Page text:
Kittens get important antibodies to help develop their immune systems from their mother’s milk during the first eight to 10 weeks of their lives. Tempted as you may be to take this fluffy new family member home, wait until she’s weaned properly from her mother.
Keeping your new kitten safe may feel like a challenge, but having a strong immune system will help her fend off common ailments that creep in as a normal part of growing up. Of course, you can’t protect her from everything, but you can watch for the following symptoms and contact your veterinarian as needed.
Upper Respiratory Concerns
Kittens are prone to upper respiratory infections, which are extremely contagious and often passed through the litter. Feline calicivirus and feline herpesvirus are the most common viral causes of respiratory problems, frequently present in shelters, with breeders and in multi-cat households.
Symptoms include sneezing, coughing, runny eyes, runny nose, lack of appetite and lethargy. While adult cats may carry the infection, symptoms are often the most severe in kittens. Treatment should be determined by your veterinarian and may include fluids, rest and antibiotics.
A whole host of unwanted parasites can make their way into your kitten’s intestines. Roundworms, hookworms and tapeworms (even some transmitted by fleas) are just a few that cause diarrhea and weight loss. Kittens contract worms by ingesting worm eggs, often from another feline’s fecal matter or from food that was in contact with infected soil.
Because kittens love to play by putting things in their mouths, it’s a common ailment. Your veterinarian will take a stool sample to identify which type of worm your kitten has contracted. There are numerous types and not all medication works the same for each. Beginning at eight weeks old, have your veterinarian deworm your kitten as needed to prevent clinical signs associated with infection, as well as further loss of fluid and weight.
Another intestinal parasite, coccidia, isn’t a worm, but it is transmitted through the ingestion of contaminated fecal matter. Symptoms include diarrhea, which leads to dehydration and lack of appetite. Because diarrhea is often common in young kittens, your veterinarian should examine your kitten’s stools to determine the right treatment. While no vaccine is available to protect against coccidia, it is treatable.
Yet another intestinal parasite having symptoms consistent with others, giardia is transmitted through ingesting contaminated fecal matter. Giardia is also treatable with medication, so be sure to ask your veterinarian about testing for this internal parasite if your kitten has had any clinical signs.
Feline distemper, also known as Feline Parleukopenia Virus (FPV) is dangerous because it attacks your kitten’s immune system. Transmitted via the fecal-oral route, even just a microscopic amount of contaminated stool can pass it on. Messy cat crates are the ideal breeding grounds for distemper. Fortunately, it’s a rare virus and vaccines are routinely given during your kitten's first round of shots.
If your kitten is vomiting, has a lack of appetite and a horrible, white, mucus-like diarrhea, bring her to the emergency veterinarian immediately so she can be tested for this virus, as well as be isolated and given antibiotics and fluids.
Feline Immunodeficiency Virus (FIV)
Cats infected with feline immunodeficiency virus (FIV) may not show symptoms until years after the initial infection starts. It’s a slow-acting virus, but once it takes hold, the feline’s immune system is severely weakened.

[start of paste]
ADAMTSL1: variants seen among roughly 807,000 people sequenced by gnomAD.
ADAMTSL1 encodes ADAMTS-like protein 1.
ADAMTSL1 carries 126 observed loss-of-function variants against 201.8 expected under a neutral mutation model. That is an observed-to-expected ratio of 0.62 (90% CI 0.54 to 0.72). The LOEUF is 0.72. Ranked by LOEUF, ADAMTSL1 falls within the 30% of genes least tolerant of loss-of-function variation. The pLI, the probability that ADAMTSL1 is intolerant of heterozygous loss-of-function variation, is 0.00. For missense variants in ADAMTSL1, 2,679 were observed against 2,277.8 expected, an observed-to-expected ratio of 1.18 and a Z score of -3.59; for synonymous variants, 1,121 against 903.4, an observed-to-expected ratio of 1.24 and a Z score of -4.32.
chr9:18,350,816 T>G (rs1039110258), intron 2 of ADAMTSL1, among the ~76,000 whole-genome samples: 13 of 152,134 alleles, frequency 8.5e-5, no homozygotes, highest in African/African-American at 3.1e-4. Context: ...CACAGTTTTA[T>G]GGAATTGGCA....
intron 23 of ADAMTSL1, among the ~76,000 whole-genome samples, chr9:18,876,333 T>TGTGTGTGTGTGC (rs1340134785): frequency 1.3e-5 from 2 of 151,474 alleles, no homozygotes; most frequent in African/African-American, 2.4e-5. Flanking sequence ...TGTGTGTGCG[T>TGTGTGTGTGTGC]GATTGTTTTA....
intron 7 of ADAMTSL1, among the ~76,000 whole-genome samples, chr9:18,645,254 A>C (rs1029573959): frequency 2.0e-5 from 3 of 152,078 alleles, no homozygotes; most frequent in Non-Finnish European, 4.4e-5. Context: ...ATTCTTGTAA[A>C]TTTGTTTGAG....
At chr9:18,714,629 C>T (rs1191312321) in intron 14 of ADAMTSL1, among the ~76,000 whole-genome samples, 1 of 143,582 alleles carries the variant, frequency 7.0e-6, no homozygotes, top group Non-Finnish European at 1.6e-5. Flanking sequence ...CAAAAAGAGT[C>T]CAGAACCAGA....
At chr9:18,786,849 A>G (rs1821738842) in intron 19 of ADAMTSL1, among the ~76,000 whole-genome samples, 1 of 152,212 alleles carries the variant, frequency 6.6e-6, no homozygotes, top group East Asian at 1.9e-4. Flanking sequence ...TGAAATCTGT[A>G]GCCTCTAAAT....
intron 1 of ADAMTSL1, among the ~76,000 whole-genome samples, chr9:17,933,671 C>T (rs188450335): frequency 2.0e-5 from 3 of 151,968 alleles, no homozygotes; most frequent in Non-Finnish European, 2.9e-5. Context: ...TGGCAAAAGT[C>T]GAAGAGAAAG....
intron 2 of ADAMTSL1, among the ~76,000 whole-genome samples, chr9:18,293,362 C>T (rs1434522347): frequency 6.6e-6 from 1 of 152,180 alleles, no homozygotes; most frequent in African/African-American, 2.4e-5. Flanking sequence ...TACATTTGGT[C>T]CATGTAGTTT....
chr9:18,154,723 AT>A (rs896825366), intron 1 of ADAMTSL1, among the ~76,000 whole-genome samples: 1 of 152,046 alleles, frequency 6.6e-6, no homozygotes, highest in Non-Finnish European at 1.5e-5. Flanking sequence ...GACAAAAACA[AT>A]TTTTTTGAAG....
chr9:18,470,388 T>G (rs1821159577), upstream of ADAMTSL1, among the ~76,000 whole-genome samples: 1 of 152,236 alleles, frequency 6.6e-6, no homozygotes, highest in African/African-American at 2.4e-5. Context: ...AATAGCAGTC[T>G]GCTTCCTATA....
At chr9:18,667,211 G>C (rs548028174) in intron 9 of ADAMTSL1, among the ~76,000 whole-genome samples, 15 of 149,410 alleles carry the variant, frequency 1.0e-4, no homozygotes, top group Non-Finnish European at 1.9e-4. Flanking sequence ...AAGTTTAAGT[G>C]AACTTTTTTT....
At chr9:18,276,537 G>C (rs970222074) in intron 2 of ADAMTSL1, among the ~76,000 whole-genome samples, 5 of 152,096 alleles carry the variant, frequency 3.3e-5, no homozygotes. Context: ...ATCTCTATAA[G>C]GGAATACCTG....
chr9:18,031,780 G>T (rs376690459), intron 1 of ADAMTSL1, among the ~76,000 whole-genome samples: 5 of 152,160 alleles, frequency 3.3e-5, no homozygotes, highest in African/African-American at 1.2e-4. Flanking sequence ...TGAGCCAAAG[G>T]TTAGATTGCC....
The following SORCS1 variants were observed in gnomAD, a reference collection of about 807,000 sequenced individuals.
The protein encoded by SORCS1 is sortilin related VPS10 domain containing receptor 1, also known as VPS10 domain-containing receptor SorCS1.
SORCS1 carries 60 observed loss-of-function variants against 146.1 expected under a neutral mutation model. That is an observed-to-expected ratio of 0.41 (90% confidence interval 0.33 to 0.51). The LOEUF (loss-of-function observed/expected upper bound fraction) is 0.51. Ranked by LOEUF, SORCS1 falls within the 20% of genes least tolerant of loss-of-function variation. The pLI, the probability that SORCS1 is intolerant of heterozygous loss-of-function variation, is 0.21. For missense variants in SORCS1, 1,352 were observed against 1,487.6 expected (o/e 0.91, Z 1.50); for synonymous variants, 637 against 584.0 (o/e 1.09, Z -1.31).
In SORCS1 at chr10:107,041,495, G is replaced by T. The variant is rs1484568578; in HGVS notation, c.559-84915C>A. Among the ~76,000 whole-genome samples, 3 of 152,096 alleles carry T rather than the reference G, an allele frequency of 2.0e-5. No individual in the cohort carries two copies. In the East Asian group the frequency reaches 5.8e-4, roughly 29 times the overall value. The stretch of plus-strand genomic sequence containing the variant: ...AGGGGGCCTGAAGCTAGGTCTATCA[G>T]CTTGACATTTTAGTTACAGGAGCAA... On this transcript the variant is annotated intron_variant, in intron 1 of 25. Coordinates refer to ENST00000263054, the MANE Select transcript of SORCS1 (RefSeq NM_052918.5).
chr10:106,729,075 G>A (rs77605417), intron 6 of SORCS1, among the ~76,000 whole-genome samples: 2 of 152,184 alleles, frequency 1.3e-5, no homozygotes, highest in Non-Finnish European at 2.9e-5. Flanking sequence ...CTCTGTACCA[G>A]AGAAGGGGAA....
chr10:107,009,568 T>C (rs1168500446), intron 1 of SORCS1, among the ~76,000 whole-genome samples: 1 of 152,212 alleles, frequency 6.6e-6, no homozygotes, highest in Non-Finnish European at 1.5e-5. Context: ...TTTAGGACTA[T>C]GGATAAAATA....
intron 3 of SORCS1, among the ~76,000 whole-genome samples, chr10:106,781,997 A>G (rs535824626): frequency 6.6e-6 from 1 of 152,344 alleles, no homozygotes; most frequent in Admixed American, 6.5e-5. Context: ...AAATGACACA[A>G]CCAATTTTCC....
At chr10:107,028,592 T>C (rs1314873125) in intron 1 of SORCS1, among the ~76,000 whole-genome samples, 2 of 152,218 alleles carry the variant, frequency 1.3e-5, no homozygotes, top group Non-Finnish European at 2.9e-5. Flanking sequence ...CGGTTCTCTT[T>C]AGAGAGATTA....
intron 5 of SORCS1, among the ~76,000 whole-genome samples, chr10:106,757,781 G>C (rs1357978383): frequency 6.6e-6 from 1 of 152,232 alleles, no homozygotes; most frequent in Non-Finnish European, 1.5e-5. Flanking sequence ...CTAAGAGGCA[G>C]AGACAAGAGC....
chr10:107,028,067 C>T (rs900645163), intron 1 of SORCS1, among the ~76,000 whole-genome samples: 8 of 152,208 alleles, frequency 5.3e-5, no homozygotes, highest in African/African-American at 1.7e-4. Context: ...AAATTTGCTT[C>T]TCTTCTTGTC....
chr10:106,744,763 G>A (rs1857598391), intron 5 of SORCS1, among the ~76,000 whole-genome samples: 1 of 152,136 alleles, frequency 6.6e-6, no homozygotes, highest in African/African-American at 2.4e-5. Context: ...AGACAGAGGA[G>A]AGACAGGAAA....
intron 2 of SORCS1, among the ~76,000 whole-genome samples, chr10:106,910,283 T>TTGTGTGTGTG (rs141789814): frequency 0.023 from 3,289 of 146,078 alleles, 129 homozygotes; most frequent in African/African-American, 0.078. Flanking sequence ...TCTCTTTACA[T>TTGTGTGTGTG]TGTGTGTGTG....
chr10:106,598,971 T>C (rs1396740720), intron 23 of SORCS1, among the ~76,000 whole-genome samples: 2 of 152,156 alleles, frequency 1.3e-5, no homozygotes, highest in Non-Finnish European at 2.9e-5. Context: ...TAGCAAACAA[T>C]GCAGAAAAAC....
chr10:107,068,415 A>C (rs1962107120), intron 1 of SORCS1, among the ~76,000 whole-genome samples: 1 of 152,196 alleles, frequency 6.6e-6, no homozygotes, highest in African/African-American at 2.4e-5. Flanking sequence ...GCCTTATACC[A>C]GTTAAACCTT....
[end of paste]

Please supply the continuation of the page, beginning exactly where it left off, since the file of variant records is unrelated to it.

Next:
Once symptoms develop, however, they may progress for years or be interspersed with bouts of good health. If your kitten has any of the following symptoms, bring her to your veterinarian:
- Enlarged lymph nodes
- Weight loss
- Disheveled coat
- Poor appetite
- Abnormal appearance or inflammation of the eye (conjunctivitis)
- Inflammation of the gums (gingivitis)
- Inflammation of the mouth (stomatitis)
- Dental disease
- Skin redness or hair loss
- Wounds that don’t heal
- Eye or nose discharge
- Frequent urination, difficulty urinating, outside of the litter box accidents
- Change in behavior
Indoor cats are less likely to be infected because FIV is primarily transmitted cat to cat via deep bite wounds, which usually plague outdoor cats who fight a lot.
FIV isn’t commonly spread through food-bowl sharing or litter boxes, social grooming, sneezing, or other casual contact, but an infected mother can transmit the virus to her kitten. When adopting, check that your kitten’s mama has had a clean bill of health.
Feline Leukemia (FeLV)
Feline leukemia virus is highly transmittable and can severely inhibit your kitten’s immune system, predisposing her to a variety of infections and diseases, including anemia, kidney disease and lymphosarcoma cancer.
New kittens and cats less than a year old are most susceptible to the virus. Because symptoms aren’t always visible right away, any new cat entering a household—and any sick cat—should be tested for FeLV.
Some of the symptoms to watch for include:
- Loss of appetite, weight loss and lethargy
- Pale or inflamed gums
- Upper respiratory infections
- Diarrhea and vomiting
- Vision or other eye problems
- Enlarged lymph nodes
Healthy kittens over three months of age who are vaccinated for FeLV aren’t likely to contract the virus from other cats. Keeping your kitten inside, away from stray cats whose FeLV status isn’t known, is the best way to prevent her from being infected.
If you suspect something is wrong with your new kitten, don't hesitate to take her to the veterinarian. All new pet parents have a tendency to over-worry, but when something seems off, it’s better to be safe and call your veterinarian.
Good pet parenting starts with regular veterinary care, so you can look forward to a lifetime of companionship with your adorable, growing kitten.